Patient Education and Best Practices
How to Brush Your Teeth
Your choice of toothbrush is always an important consideration. Our dentist can make recommendations based on the present condition of your teeth and gums. Generally speaking, soft-bristled brushes are suitable enough to do the job without causing further damage. There are many kinds of toothpaste on the market, depending on your specific needs. We suggest Colgate Total and Crest Multicare for most patients. Remember, a pea-size dollop of any toothpaste is all you really need. Start from one side of your mouth and work your way across. Proper brushing should last anywhere between 2 and 4 minutes.
With the brush positioned at a 45-degree angle between the tooth and the gum, gently apply lateral vibration and end the stroke by brushing down away from the gum to sweep away any plaque. Repeat this motion approximately 10 times before moving on to the next set of teeth (usually 2 or 3 at a time) until you’ve covered all of them. Don’t forget to spit out the excess foam and finish with a rinse.
Short strokes work best when attending to the grooves and pits found on the chewing surfaces of your teeth.
Brushing twice a day, once before bedtime and once after breakfast, is highly recommended. In a perfect world, teeth brushing would follow every meal.
How to Floss Your Teeth
Flossing should become a part of your daily oral hygiene routine. You would be surprised to learn just how much bacteria has collected between your teeth by the end of the day.
Although many people have their own preferred method for flossing, we suggest the following technique:
Start with approximately 2 feet of floss, wrapping either end around the ends of your middle fingers. Use your index finger and thumb to manipulate the floss in the space between each tooth. Ensure that the floss is hugging each side of the adjacent tooth. Work the floss up and down on each side, being mindful not to inadvertently cut the gum.
Electric Brush Versus Manual Brushes
Some people prefer the feel and convenience of an electric toothbrush. Although regular brushing of any kind is your best defence against unwanted cavities, some studies have shown electric models to be more effective in controlling plaque buildup.
Also, some electric toothbrushes (like Sonicare’s electric models) offer a vibration that can be difficult to mimic and sustain using a regular no-frills brush. Other brands like Oral-B and Rotadent ProCare® have small heads that are very good at cleaning those hard-to-reach areas. If you wear braces or have a history of gum disease, our dentist can recommend a product to better support your cleaning needs.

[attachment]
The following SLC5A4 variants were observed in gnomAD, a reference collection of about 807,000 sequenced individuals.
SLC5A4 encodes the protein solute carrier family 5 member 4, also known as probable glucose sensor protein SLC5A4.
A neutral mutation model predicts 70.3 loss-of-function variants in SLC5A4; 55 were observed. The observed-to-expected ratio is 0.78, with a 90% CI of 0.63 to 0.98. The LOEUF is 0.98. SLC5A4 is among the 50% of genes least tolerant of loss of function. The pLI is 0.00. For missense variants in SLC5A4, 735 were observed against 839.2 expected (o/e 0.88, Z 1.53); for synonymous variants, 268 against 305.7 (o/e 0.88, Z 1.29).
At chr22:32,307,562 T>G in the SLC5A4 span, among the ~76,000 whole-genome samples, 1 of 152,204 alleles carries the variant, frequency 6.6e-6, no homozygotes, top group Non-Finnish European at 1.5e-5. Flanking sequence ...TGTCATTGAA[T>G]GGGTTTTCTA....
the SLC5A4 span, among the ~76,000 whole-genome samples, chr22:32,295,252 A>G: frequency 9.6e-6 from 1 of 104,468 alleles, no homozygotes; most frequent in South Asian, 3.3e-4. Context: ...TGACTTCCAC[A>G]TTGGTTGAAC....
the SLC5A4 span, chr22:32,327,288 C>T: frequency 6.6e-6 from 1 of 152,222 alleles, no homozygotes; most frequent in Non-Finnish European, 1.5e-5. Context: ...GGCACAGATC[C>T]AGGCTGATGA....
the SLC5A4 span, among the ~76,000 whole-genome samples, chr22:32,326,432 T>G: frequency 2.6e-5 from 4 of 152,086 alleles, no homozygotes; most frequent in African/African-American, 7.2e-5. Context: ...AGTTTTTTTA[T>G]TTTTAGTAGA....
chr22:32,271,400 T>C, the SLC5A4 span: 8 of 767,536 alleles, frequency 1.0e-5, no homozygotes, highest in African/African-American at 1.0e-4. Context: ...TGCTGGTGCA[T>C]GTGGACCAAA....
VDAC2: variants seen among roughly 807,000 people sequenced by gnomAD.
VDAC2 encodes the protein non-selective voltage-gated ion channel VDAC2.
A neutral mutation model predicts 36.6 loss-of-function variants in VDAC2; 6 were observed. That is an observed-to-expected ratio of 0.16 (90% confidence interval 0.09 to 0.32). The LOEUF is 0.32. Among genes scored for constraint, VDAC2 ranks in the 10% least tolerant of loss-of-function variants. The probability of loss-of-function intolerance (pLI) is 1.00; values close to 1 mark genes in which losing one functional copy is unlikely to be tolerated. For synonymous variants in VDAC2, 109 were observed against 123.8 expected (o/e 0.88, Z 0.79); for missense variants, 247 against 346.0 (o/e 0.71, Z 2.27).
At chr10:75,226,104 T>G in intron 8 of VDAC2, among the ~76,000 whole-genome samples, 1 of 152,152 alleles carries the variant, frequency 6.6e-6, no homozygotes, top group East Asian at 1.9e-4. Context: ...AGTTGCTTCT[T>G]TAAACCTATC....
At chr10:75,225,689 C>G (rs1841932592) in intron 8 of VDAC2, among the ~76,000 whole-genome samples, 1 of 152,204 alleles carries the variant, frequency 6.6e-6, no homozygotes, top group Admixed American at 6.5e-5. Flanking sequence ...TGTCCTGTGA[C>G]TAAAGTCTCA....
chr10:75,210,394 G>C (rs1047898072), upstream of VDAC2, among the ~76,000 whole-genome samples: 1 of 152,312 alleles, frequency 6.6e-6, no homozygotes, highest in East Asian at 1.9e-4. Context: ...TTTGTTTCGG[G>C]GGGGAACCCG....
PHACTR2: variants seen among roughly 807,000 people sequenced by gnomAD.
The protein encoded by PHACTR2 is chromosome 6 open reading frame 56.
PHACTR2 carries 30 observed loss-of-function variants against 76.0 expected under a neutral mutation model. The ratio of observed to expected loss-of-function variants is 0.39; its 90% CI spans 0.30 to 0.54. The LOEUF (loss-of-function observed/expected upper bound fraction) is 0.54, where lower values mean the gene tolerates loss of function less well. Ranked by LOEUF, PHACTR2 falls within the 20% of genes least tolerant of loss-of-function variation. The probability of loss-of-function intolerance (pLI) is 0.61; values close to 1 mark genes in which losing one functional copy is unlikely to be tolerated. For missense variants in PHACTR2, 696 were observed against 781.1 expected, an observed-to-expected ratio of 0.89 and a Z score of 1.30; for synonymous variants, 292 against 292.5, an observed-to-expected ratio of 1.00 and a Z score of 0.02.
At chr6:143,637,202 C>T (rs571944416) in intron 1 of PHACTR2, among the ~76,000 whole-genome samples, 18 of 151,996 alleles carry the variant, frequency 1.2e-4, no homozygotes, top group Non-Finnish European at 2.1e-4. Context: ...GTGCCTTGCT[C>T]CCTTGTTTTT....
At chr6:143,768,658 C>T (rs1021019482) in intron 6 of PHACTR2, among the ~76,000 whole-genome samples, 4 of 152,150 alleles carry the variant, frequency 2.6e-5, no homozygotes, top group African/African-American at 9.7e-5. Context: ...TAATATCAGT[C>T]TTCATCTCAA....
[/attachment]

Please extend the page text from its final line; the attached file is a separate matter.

Bad breath has many causes. Whether it’s related to an issue with the stomach or your food preferences, smelly breath is never a pleasant thing to be associated with. From a dental perspective, the bad breath begins in a number of ways:
Bacteria growth on the tongue
Food particles lodged in teeth cavities
Infections following extraction
Poorly maintained dentures
Frequent alcohol and tobacco use
Depending on the source of the problem, breath mints or mouthwash only provide a temporary solution. Bad breath may also indicate other health concerns, including tonsillitis and infection. If you suffer from bad breath, it is recommended that you consult with a dentist sooner rather than later.
Dental Health and Your Diet
Sugar remains the primary cause of the deterioration of people’s teeth. Frequent consumption of unhealthy treats and soda consumed over a lengthy duration (like sipping cola over the course of a movie) allows bacteria to flourish within your mouth.
Reducing your sugar intake is priority number one for cavity prevention and improving your overall health.
Of course, it can be tough to avoid those sweets, especially at certain times of the year. Brushing proactively and rinsing with a fluoride mouthwash can help, but they aren’t the definitive solution. Even fruits like lemons, limes and grapefruits can be harmful due to their acidic qualities.
Regular brushing, healthy eating, and regular dental visits go a long way towards maintaining the integrity of your teeth and gums.
Fluoride and Decay Prevention
Unfortunately, not all of us were lucky enough to grow up in an area where natural fluoride was present in the drinking water. Along with regular brushing, fluoride contributes to stronger teeth and fewer instances of cavities. Although certain kinds of toothpaste and mouthwashes on the market offer enamel strengthening properties, if you have any concerns about the quality of your teeth, your best bet is to seek the advice of a local dentist.
Don’t second guess your oral health. If you have any questions about the condition of your teeth, feel free to contact Bragg Creek Dental clinic today.